SpCO®Carboxyhaemoglobin

Carboxyhaemoglobin (SpCO®) is a breakthrough measurement that allows clinicians to noninvasively and immediately detect elevated levels of carbon monoxide in the blood-facilitating earlier diagnosis and treatment for patients poisoned by carbon monoxide.

Radical-7

A Deadly Poison Revealed with SpCO

  • > Carbon monoxide (CO) poisoning is the most common cause of poisoning in industrialised countries.
  • > CO poisoning is often misdiagnosed because its symptoms are similar to the flu, and moderate poisoning is possible with no symptoms at all.
  • > Noninvasive carboxyhaemoglobin (SpCO) helps clinicians assess CO levels in the blood, facilitating earlier detection and treatment of CO poisoning.
  • > Noninvasive carboxyhaemoglobin (SpCO) helps clinicians assess CO levels in the blood, facilitating earlier detection and treatment of CO poisoning.
  • > A recent study examined data from the Undersea Hyperbaric Medicine Society's CO poisoning surveillance system (supported by the Centers for Disease Control) and found that patients who were initially measured using Pulse CO-Oximetry had an almost one-hour reduction in time from the end of CO exposure to treatment.1

Saving Lives Every Day

  • > In emergency medical services, SpCO is helping protect both victims and first responders from the dangers of CO poisoning.
  • > SpCO helps paramedics and emergency medical technicians to detect CO poisoning—enabling prompt treatment and removal of those exposed to deadly CO in homes, hotels, and places of work.
  • > SpCO is also helping firefighters reduce the risk of CO poisoning that they face every day. Just one severe CO poisoning nearly doubles the risk of premature death, and consistent CO exposure may cause long-term heart and brain damage.2,3
    • When even mild levels of CO are circulating in the blood, the heart and brain are robbed of critical oxygen.
    • This can cause mental confusion that leads to poor decision making and also increases the risk of heart disease or stroke—two conditions already accounting for nearly 50% of on-duty firefighter deaths.4
    • These factors are why industry-leading organisations have lined up to support CO education, and the National Fire Protection Association (NFPA) introduced a new fire rehabilitation standard—NFPA 1584—that supports on-scene CO assessment of firefighters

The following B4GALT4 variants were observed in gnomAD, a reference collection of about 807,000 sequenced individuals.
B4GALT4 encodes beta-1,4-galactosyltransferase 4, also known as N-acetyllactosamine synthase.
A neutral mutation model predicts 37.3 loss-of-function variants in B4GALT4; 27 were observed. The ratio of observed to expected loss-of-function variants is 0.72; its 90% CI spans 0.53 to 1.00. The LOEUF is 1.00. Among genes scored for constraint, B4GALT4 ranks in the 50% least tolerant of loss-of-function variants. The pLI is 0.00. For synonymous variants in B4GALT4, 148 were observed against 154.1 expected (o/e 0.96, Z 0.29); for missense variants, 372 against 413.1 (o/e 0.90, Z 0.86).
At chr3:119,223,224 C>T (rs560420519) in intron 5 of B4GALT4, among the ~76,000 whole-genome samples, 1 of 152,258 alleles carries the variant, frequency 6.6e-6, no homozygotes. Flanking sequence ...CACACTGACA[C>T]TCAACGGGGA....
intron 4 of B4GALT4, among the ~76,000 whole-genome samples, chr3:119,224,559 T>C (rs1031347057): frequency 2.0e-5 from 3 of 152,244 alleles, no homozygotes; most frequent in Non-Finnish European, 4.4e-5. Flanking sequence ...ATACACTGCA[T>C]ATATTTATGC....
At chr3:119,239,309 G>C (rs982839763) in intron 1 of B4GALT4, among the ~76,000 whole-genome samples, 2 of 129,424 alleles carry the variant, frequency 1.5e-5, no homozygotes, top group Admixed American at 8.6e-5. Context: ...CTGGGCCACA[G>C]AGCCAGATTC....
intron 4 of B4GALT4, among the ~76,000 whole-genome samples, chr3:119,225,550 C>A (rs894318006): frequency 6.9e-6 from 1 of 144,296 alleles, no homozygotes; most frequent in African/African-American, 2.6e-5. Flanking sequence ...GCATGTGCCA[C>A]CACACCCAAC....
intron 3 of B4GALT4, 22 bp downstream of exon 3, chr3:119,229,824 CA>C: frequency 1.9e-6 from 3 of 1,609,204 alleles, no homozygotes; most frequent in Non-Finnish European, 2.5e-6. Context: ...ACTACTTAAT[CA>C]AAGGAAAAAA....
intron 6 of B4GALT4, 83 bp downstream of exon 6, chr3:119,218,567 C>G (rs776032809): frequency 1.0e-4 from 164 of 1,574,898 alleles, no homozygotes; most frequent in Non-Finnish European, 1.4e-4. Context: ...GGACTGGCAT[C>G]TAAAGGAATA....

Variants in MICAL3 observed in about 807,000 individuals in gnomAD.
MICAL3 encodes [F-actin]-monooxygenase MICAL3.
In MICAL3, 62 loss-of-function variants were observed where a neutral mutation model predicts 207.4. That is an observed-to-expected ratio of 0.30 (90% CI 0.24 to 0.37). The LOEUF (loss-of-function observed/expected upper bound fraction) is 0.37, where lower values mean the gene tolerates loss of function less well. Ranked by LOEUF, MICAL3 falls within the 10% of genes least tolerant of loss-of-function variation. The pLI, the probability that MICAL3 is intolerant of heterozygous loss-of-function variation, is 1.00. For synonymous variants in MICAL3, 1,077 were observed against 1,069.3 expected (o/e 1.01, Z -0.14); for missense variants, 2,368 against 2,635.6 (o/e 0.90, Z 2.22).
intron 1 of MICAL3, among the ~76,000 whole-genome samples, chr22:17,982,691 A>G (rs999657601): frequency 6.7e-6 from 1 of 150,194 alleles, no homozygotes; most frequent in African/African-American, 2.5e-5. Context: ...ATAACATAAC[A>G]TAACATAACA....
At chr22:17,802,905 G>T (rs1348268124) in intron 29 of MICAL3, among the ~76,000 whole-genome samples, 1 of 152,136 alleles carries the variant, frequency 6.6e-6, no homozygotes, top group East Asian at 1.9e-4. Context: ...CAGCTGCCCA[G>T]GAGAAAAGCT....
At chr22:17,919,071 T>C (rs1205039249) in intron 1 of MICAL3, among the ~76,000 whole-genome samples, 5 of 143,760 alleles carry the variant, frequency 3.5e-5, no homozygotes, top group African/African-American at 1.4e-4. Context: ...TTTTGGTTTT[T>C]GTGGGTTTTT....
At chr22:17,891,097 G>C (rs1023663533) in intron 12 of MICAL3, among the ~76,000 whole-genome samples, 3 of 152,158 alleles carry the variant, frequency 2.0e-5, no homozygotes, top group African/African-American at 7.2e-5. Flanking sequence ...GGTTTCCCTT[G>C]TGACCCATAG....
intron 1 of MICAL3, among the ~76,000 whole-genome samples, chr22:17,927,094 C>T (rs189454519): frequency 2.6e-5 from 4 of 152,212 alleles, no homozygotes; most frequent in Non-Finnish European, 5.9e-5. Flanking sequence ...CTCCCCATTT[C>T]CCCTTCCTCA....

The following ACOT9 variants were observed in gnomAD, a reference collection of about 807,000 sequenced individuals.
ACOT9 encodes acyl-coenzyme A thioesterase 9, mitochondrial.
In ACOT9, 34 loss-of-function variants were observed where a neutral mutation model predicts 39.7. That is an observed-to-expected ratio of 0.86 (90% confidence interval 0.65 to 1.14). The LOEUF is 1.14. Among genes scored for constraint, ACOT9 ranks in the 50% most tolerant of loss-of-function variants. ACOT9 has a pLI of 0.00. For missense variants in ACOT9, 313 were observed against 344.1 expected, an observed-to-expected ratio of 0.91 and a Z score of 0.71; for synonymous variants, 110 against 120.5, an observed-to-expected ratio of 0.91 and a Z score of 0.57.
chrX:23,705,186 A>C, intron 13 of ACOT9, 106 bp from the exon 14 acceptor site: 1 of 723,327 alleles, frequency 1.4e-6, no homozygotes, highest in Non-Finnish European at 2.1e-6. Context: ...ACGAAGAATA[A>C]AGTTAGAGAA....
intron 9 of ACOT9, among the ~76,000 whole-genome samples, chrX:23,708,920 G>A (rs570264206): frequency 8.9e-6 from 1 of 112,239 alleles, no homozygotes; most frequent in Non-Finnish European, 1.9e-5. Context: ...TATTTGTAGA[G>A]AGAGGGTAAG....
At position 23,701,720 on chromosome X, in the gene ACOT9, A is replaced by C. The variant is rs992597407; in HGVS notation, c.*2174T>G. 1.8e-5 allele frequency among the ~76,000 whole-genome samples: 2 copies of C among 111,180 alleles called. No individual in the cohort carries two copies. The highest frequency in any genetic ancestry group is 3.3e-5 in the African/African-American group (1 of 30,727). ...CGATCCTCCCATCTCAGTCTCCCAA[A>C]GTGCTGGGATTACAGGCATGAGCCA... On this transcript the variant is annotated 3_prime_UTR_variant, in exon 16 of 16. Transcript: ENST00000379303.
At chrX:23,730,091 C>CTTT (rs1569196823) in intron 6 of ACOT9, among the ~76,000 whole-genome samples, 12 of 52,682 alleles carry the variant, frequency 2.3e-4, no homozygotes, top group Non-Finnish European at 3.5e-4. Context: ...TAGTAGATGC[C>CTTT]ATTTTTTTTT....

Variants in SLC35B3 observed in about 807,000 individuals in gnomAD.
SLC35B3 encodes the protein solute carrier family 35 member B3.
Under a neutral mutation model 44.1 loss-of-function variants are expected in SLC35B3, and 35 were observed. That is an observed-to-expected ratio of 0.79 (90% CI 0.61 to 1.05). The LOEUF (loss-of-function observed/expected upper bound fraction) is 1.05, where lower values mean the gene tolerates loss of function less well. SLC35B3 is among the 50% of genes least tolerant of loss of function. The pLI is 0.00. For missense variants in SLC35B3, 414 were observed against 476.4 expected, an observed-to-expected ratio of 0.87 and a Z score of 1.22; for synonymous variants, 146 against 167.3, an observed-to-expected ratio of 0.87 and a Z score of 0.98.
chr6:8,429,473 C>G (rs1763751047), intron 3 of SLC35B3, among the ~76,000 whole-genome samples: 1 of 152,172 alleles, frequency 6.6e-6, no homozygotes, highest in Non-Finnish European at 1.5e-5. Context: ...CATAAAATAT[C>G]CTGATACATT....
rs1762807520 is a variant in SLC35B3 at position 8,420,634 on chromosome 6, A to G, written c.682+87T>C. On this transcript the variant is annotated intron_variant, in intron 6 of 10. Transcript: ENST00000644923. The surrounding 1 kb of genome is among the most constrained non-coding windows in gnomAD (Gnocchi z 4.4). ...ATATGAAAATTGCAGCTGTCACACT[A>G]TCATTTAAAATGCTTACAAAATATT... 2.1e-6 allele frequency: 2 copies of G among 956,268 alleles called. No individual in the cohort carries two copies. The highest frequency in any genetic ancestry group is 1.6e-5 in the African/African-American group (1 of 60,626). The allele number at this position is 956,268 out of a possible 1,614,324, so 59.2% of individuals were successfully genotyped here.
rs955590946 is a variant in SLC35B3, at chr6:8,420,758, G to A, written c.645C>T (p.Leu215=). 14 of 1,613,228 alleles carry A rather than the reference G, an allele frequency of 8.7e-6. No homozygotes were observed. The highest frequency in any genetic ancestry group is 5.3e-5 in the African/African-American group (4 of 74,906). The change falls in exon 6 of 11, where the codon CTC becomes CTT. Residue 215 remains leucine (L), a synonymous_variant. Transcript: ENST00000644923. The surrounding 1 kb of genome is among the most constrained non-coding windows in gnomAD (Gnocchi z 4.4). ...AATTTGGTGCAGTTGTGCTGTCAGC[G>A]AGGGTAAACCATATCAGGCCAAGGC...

"We believe that all 50-plus people in the hotel would have been dead at dawn if it were not for this lifesaving intervention from Masimo."

Skip Kirkwood, MS, JD, EMT-P
Chief, EMS Division, Wake County Dept. of Emergency Services
Raleigh, NC

"Carboxyhaemoglobin measurements performed noninvasively in the Emergency Department with Masimo Pulse CO-Oximetry should lead to enhanced diagnosis of CO poisoning, increased referral for appropriate treatment, and a resultant reduction in morbidity from the disease."

Neil B. Hampson, MD
Pulmonologist, Department of Hyperbaric Medicine,
Virginia Mason Medical Center, Seattle, Washington

Technology Platform

Masimo rainbow® is a noninvasive monitoring platform enabling the assessment of multiple blood constituents and physiologic parameters that previously required invasive or complicated procedures, in addition to providing Masimo SET® Measure-through Motion and Low Perfusion™ pulse oximetry.

Masimo Radical-7 upgraded with RRa

  • > Total Haemoglobin (SpHb®)
  • > Carboxyhaemoglobin (SpCO®)
  • > Methaemoglobin (SpMet®)
  • > Oxygen Content (SpOC)
  • > Acoustic Respiration Rate (RRa)
  • > Oxygen Saturation (SpO2)
  • > Pulse Rate (PR)
  • > Perfusion Index (PI)
  • > Pleth Variability Index (PVI®)

The upgradeable rainbow® platform lets you choose the rainbow® measurements that are right for you now and be confident that your investment in patient safety won’t become obsolete tomorrow.

PDF Resources

Masimo SEDLine brochure Data Sheet:
SpCO

REFERENCES

  • 1 Hampson NB. J Emerg Med. 2012 May 23.
  • 2 Hampson NB et al. Crit Care Med. 2009; 37(6): 1941-47.
  • 3 Bledsoe BE. JEMS. 32:54-59, 2007.
  • 4 Bledsoe BE. FireRescue Magazine. September 2005.